So what’s the cause of overeating? Researchers from Vanderbilt University think they have the answer–and it’s not a good one.
According to their research, which now appears in the open access journal Heliyon, eating too much fat could trigger the need to overeat, thanks to it causing an imbalance in the body triggering stronger cravings for food instead of eating just to survive.
An imbalance like that could be a disaster for dieters.
“We have always been struck by how much animals–and even people–will over-consume tasty high-fat foods, even though they might be technically feeling full,” says Dr. Aurelio Galli, one of the authors of the study. “A high fat diet causes people to eat more, which ultimately impairs the ability of obese people to successfully control their caloric intake, lose weight and maintain weight loss. We have conducted several studies trying to understand why a high fat diet has this effect.”
Studying laboratory mice, researchers wanted to alter a group of proteins in their brain called Rapamycin complex 2, or mTORC2, proteins involved in insulin signaling. Normally, obese people have defects in these proteins, causing their internal insulin signaling to malfunction. Researchers wanted to study this further, examining how it affected their desire for certain foods.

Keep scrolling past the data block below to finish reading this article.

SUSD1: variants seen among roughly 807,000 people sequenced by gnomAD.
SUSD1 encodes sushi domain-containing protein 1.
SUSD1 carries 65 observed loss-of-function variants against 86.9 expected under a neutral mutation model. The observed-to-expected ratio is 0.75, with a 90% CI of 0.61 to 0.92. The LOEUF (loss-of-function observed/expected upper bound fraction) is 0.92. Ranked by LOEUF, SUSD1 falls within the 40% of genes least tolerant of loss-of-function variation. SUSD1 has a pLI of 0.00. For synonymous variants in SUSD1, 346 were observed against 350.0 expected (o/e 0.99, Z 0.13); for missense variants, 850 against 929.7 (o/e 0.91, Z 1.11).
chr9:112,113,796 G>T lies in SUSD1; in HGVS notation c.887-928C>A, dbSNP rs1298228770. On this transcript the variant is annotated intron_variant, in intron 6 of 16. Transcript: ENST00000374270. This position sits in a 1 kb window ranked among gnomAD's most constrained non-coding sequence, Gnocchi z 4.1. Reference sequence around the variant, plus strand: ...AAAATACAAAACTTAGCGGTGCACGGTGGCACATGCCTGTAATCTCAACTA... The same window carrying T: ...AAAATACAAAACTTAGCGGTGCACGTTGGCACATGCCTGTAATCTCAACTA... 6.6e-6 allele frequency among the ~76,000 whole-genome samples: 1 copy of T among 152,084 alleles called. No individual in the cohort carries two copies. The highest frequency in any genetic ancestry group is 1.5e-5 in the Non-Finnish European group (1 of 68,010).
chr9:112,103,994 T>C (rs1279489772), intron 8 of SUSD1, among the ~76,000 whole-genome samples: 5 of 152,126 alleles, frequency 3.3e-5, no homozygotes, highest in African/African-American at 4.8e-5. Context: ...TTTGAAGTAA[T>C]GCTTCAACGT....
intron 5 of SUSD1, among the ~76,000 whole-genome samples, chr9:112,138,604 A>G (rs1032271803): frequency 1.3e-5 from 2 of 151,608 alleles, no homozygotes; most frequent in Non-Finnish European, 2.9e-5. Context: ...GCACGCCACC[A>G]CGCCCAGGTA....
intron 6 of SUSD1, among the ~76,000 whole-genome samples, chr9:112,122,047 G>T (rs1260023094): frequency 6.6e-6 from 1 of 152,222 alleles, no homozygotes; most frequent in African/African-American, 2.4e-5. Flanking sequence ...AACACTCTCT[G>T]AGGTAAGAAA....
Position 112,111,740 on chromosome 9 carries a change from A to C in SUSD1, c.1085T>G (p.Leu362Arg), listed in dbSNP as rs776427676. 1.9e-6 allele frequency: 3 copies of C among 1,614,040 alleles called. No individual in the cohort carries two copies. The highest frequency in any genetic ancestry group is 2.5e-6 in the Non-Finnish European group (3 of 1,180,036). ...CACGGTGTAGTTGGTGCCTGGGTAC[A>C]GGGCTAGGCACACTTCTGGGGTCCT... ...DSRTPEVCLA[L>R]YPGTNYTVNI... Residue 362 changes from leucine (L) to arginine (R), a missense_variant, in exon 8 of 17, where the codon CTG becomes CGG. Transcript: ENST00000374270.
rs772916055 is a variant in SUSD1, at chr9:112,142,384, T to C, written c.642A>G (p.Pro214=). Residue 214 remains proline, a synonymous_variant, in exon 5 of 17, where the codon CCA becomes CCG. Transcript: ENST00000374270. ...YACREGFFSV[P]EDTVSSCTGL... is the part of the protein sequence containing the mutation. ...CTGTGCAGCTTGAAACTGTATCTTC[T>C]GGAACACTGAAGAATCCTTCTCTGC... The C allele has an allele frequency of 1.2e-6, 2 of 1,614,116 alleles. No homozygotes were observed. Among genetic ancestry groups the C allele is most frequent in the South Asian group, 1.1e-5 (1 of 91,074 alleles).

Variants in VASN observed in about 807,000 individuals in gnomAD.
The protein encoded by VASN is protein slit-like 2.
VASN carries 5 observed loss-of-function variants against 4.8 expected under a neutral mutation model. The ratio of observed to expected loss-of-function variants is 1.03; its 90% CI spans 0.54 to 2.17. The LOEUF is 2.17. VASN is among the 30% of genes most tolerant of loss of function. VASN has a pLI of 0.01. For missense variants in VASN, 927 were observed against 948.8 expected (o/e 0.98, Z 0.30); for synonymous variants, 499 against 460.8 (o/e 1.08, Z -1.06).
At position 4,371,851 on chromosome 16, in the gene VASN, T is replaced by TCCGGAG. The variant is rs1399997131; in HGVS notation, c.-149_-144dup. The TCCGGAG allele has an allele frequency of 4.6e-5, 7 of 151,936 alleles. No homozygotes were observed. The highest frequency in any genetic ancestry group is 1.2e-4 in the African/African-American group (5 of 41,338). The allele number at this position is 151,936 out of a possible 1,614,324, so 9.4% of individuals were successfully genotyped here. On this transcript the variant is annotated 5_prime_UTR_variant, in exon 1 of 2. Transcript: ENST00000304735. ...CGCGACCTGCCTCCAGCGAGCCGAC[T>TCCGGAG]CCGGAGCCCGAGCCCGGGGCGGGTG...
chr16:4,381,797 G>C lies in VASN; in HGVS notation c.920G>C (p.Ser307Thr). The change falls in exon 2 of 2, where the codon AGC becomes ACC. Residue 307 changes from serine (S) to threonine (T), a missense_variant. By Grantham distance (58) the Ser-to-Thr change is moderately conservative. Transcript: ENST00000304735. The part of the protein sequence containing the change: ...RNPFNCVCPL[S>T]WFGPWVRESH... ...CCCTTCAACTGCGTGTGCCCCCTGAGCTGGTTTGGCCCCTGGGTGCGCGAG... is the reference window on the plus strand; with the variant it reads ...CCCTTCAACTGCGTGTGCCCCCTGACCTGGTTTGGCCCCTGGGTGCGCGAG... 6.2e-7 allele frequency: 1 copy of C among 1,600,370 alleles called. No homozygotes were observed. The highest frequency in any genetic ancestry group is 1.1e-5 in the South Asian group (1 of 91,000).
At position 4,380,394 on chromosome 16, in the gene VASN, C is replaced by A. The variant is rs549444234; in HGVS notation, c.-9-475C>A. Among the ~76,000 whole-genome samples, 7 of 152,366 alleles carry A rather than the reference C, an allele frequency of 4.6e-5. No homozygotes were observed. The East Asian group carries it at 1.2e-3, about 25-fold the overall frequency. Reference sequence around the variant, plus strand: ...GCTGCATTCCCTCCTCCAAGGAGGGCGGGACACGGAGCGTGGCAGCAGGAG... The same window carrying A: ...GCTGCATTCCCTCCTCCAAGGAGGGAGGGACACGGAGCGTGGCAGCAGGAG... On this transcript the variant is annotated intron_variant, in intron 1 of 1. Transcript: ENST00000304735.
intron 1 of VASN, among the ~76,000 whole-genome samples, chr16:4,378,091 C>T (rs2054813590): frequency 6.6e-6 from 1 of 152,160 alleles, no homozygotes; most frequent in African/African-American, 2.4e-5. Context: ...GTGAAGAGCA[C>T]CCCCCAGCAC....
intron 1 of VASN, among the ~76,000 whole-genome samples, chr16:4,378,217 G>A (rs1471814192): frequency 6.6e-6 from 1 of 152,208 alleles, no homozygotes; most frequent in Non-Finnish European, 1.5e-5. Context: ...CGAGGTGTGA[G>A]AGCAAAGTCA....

Withdrawing a certain part of mTORC2 from these mice, they then allowed them to eat high-fat foods, watching how it affected their eating behavior. The result? They ate high-fat foods uncontrollably; yet when presented with low-fat foods, they ate moderately.
For researchers, this was the smoking gun: When insulin levels malfunction, naturally you’ll eat more high-fat foods.
Ultimately, that means you’ll get fat a lot faster.
“Our findings reveal a system that is designed to control eating of rewarding foods that are high in fat and possibly sugar,” says Galli. “We defined the why, where, and how of ‘hedonic’ obesity and found that disrupting a specific signaling pathway in the brain can lead to overeating specifically food high in fat. This system can be hijacked by the very foods that it is designed to control. Eating a high-fat or high-carbohydrate diet feels rewarding, but also appears to cause changes in the brain areas that are involved in controlling eating, by causing for example insulin resistance.”
Bottom line? Avoid eating high-fat foods, especially if you have problems with insulin; instead, eat low-fat foods to naturally eat fewer calories.
“Our study shows that when specific signaling in these areas of the brain is disrupted, it leads to a vicious cycle of increasing, escalating high-fat diet intake that likely further cements changes in these brain areas,” says Galli.
Readers: Do you tend to overeat high-fat foods as well?
A High Fat Diet Leads to Overeating Because of Faulty Brain Signaling – ScienceDaily.com
Impaired mTORC2 Signaling in Catecholaminergic Neurons Exaggerates High Fat Diet-Induced Hyperphagia (Study) – Heliyon.com